#7

AWESOME! That’s great!

Don’t sweat the confusion. You’ll get it down before long. You can invest a little ($1.94) and get a 2014 St. Joseph Annual Sunday Missal that will guide you through the liturgy and the readings. That’s what I started out with. :slight_smile:

The first question I had was about what time to go. Am I supposed to go on Sunday? Or would it be just as good if I went on a Monday or Wednesday?

There are daily Masses in most churches, usually in the mornings. It is a little different there, but it’s the same Mass.

Sunday is a definite GO. May as well get used to it because faithful Catholics go every Sunday. It’s not an option.:thumbsup:

Also, do people dress up for mass or is it more casual?

Depends on where you live and whether it’s a daily Mass or Sunday. Dailies tend to be different because people are either going to work or are just doing their day’s routine and so Jeans and a shirt are okay. Sunday…I’d say wear what cruise ships call “smart casual”. Nice shirt and pants…

Is there anything else I should know before showing up for a mass?

Yep…definitely do not take communion as we do not do open communion. We do ours more like the early church did.

If you would like to really get an excellent insight into the Mass, I strongly recommend Dr. Edward Sri’s book A Biblical Walk Through the Mass which, especially for someone like you whose coming from a Sola Scriptura background, it will really set you on a solid understanding of what it’s all about, while walking you step by step through the whole liturgy. It’s amazing…and I think every Catholic should read it as well.:smiley:

See also, What can Protestants do at Mass?

Feel free to PM me if you have anything you need to talk about.

You are always welcome here at CAF.


#8

You can go to any Catholic Church to attend Mass. Most Catholic Churches have a bulliten board in front of the Church that lists the times and days of Mass.I suggest that you get to the church a few minutes before Mass starts so as to get oriented with the church,
When you go up to the pew you wish to sit in, it is proper to genuflect, that is to go down on one knee and rise before entering the pew. It is ok to hold onto the side of the pew with one hand in order to balance yourself. One genuflects out of respect for Christ who is present in the Hostsat are in the Tabernacle near the altar.
After you enter the pew, you might find a booklet in the rack behind the pew in front of you. This is a missal and prayer book. When you open it, you will see the prayers that make up the Mass. It is very easy to follow.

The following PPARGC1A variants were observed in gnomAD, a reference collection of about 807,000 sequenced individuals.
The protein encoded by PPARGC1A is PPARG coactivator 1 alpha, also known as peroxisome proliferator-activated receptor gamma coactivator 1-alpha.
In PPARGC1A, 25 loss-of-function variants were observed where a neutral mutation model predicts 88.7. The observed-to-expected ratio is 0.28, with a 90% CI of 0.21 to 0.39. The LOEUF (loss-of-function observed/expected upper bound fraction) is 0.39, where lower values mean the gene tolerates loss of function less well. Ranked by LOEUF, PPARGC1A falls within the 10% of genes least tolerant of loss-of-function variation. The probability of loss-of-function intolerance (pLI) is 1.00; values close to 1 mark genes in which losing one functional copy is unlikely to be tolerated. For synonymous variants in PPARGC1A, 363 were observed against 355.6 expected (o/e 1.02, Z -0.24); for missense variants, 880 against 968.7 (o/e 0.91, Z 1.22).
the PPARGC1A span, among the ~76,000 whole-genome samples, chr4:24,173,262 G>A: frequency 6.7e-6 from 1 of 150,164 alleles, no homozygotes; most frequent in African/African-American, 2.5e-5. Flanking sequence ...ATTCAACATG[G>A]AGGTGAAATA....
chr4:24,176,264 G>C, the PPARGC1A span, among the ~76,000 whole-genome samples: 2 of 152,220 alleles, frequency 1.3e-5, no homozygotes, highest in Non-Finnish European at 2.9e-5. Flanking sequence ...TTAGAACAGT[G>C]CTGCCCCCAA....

With reguards to standing, kneeling, and sitting,it is customary to rise and stand when the Priest enters the Altar area from the side room, which is called the Sacristy. As for the rest of the Mass, just follow the actions of other people at the Mass.
G*d Bless.


#9

Well, the only way to know what you need to know is to try it out! :wink:

Like others posted, sit toward the back so you can see what’s going on. (although you might have to squeeze in with all the Catholics. We have a tendency to want to hide in the back. :smiley: )

I don’t know how Protestant services go (I’ve been to several, but never to the same denomination more than once), but Catholic Masses are nearly always the same every time. Once you go a couple times you’ll know what to expect.

Also, nearly everything is laid out in the Missal, so you can read what’s happening as it’s happening. And the day’s readings are organized by date, so if you go on Sunday, January 26, you turn to the page marked for Sunday, January 26. :slight_smile:

Again, I don’t know what Protestant services are like, but Masses don’t have any freestyle component other than the priest’s sermon.


#10

I so understand how you are feeling. The parish that you are considering should have web pages listing the Mass Times. Call the parish office, usually they are willing to answer any questions. Going during the week helps a little, however I like Sat. or Sun. best. One should wear his or her best when going before the King. I am not saying go out any buy all fancy clothes, just wear the best you have in your closet. GOD BLESS YOU IN YOUR JOURNEY!


#11

When going to Mass on a Sunday, there are hymns to be sung. These are usually posted on a hymnal board or may be announced beforehand.:slight_smile:


#12